• Assess the child and parent’s perceptions of the issue (do they even see it as a concern?).
• Highlight the issue of weight in the context of health – show the growth chart to the family and explain what the healthiest weight for their child would be; explain they are still growing in height, so probably do not need to actually lose weight – they need to ‘grow into their weight’.
• Ask what they think they could do and possibly suggest some behaviour change ideas.
• Arrange follow up.
Physical activites you could recommend for obese children and their parents.
• Aim for ‘lifestyle’ exercise: using the stairs, walking to school, walking the dog.
• Involve the entire family (everyone can benefit, regardless of weight).
• Use after school time to get outdoors and be active.
• Decrease screen based activities (eg. television, computer).
• Have bikes, helmets and balls ready to go – by
the door!
What nutrition advice do you give to adults of obese children?
- Water is the best drink for children: omit cordial and soft drinks
- Better to eat fruit than drink fruit juice.
• Low fat (2%) milk (<500 mL/day) is preferred for children over 2 years of age.
• Underline the importance of breakfast, regular meals and healthy snacks.
• Basic food label reading and awareness of the ‘traps’, ie. ‘no fat’ might mean lots of sugar and therefore the same number of calories.
• Serving sizes (does the 5 year old get served as much as mum or dad?).
• Plan ahead, avoiding the need for take-away foods.
A 4 year old child comes in with a UTI. Empirically, what should you prescribe?
One of the following for 5 days:
- Cephalexin.
- Trimethoprim.
- Trimethoprim + sulfamethoxazole.
- Amoxycillin + clavulanate.
A 4 year old child comes in with a UTI. Why shouldn't you prescribe amoxycillin?
Organisms cultured from UTI may be resistant to amoxycillin in half the cases. So it should only be used if culture indicates presence of susceptible organisms.
What advice should you give to the parent of a child with a UTI?
- Encourage high fluid intake to facilitate complete bladder emptying.
- Treat pain and high temperature with paracetamol when necessary.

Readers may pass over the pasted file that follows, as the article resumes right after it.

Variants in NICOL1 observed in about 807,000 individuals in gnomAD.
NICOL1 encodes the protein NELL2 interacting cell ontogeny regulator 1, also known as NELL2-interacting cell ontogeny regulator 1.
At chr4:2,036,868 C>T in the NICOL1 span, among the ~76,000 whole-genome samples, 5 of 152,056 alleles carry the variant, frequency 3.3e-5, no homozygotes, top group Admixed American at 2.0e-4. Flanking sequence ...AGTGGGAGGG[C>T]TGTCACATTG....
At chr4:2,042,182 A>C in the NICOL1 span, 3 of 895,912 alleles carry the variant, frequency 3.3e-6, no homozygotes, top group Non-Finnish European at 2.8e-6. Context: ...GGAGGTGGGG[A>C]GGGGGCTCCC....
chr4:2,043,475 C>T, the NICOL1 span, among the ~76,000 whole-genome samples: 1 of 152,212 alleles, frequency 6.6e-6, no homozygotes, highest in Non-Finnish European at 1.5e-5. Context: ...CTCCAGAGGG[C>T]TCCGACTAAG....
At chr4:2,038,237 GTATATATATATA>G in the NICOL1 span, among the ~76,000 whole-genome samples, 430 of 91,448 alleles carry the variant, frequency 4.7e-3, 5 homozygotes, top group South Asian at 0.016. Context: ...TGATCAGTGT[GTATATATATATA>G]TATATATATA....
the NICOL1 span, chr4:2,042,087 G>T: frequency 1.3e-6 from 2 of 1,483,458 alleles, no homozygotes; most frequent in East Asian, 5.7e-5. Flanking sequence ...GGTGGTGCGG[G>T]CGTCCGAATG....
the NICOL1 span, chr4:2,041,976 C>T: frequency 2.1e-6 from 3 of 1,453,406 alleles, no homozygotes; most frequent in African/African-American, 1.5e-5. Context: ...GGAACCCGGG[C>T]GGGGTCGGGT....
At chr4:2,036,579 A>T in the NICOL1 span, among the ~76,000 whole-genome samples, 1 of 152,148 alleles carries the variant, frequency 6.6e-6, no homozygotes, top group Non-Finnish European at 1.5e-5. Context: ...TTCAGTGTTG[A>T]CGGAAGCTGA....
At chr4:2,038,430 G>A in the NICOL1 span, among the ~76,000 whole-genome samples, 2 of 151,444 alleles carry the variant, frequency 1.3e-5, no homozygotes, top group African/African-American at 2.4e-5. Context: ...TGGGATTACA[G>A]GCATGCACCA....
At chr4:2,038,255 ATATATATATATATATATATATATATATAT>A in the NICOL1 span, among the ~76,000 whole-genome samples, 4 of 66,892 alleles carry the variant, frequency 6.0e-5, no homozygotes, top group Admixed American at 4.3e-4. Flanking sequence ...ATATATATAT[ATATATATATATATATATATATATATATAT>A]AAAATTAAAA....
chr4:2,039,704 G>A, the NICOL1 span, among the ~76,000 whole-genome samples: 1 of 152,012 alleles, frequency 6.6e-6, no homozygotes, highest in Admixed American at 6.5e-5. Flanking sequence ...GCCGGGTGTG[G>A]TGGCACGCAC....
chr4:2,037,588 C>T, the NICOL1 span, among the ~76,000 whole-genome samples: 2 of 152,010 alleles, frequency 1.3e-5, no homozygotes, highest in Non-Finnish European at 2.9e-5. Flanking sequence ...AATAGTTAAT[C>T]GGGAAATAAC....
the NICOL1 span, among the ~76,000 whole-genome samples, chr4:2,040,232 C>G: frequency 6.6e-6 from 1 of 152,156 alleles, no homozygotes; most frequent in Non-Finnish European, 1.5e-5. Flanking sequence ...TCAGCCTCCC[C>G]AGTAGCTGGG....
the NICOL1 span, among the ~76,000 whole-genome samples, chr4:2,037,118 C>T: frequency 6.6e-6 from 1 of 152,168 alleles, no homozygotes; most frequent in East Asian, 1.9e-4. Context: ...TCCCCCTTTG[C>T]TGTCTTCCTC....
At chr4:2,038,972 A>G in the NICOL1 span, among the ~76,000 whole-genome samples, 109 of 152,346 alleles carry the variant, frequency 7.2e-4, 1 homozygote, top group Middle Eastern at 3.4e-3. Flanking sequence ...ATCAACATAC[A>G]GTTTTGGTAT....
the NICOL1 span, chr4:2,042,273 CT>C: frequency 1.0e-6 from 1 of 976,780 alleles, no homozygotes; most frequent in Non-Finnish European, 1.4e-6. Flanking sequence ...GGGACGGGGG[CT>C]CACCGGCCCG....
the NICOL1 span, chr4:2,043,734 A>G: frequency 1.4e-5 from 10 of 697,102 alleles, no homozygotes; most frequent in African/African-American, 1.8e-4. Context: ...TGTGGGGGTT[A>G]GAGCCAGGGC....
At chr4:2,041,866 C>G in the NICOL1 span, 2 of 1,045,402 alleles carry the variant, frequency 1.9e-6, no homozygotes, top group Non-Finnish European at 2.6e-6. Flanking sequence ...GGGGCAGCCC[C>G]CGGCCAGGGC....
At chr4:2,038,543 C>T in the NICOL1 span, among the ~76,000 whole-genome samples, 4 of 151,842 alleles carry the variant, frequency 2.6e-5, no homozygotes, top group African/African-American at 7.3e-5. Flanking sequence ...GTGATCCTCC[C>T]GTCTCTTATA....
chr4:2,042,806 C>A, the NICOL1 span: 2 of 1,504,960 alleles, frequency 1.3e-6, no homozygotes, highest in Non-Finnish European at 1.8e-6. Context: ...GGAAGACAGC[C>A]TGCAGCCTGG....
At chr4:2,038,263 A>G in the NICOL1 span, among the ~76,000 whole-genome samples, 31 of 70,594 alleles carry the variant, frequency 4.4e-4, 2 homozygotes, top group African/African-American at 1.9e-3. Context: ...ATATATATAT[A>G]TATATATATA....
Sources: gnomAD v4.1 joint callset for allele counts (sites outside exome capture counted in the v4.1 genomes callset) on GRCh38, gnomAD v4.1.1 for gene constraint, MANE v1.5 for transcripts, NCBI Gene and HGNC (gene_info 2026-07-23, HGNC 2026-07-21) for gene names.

- Come back if symptoms get any worse.
- ?Discussion of toilet hygiene.
All children with first UTI needs investigating. True or false?
True.
You don't need prophylactic antibiotics after the treatment course is finished while investigating a UTI in a child. True or false?
False.

Antibiotic prophylaxis should start immediately after the treatment course is finished and continue until investigations are completed.
When investigating a child with first-time UTI, what needs to be done?
- Prophylactic antibiotics.
- Culture 24 hours after completing initial antibiotic course to ensure complete eradication.
- Ultrasound of kidneys, ureters and bladder: To ensure two kidneys, no hydronephrosis and no congenital renal abnormalities.
- DMSA scan at least 2 months after UTI (if under 5). This is to rule out renal scarring. Low dose antibiotic prophylaxis should be continued while waiting for the scan.
- Micturating cystourethrogram (MCE excludes reflux) if under 2 years of age.
Nitrofurantoin is generally only used as a prophylactic measure in UTIs? True or false?
True.
At what age are boys more susceptible to UTIs than girls?
Under 3 months. After that, girls are more prone.
UTI is caused by mainly what organisms?
- E.coli (80%).
- Proteus (most common in older boys).
- Klebsiella (typically occurs in neonates).
The history of dysuria and frequency is strongly
suggestive of a UTI. However, in children these symptoms are often absent and a UTI may
present with...
More systemic symptoms of anorexia,
vomiting and fever.
In a child with UTI, what is the best way to collect urine for urinalysis?
In the absence of the more invasive catheter specimen an MSU remains the best option.
Suprapubic aspiration of urine is reserved for more acutely unwell young infants. Bag collection of urine is unhelpful and leads to
false-positive diagnoses.
When could an micturating cystourethrogram (MCU) be done for a patient 2-4 years of age?
Only needs to be done if the patient has:
- Strong family history of vesicoureteric reflux.
- Complicated UTI.
- Documented history of recurrent UTIs.
What sort of urinary tract non-specific symptoms might occur in a child with a UTI?
- Fever.
- Irritability.
- Anorexia.
- Malaise/lethargy.
- Vomiting.
- Diarrhoea.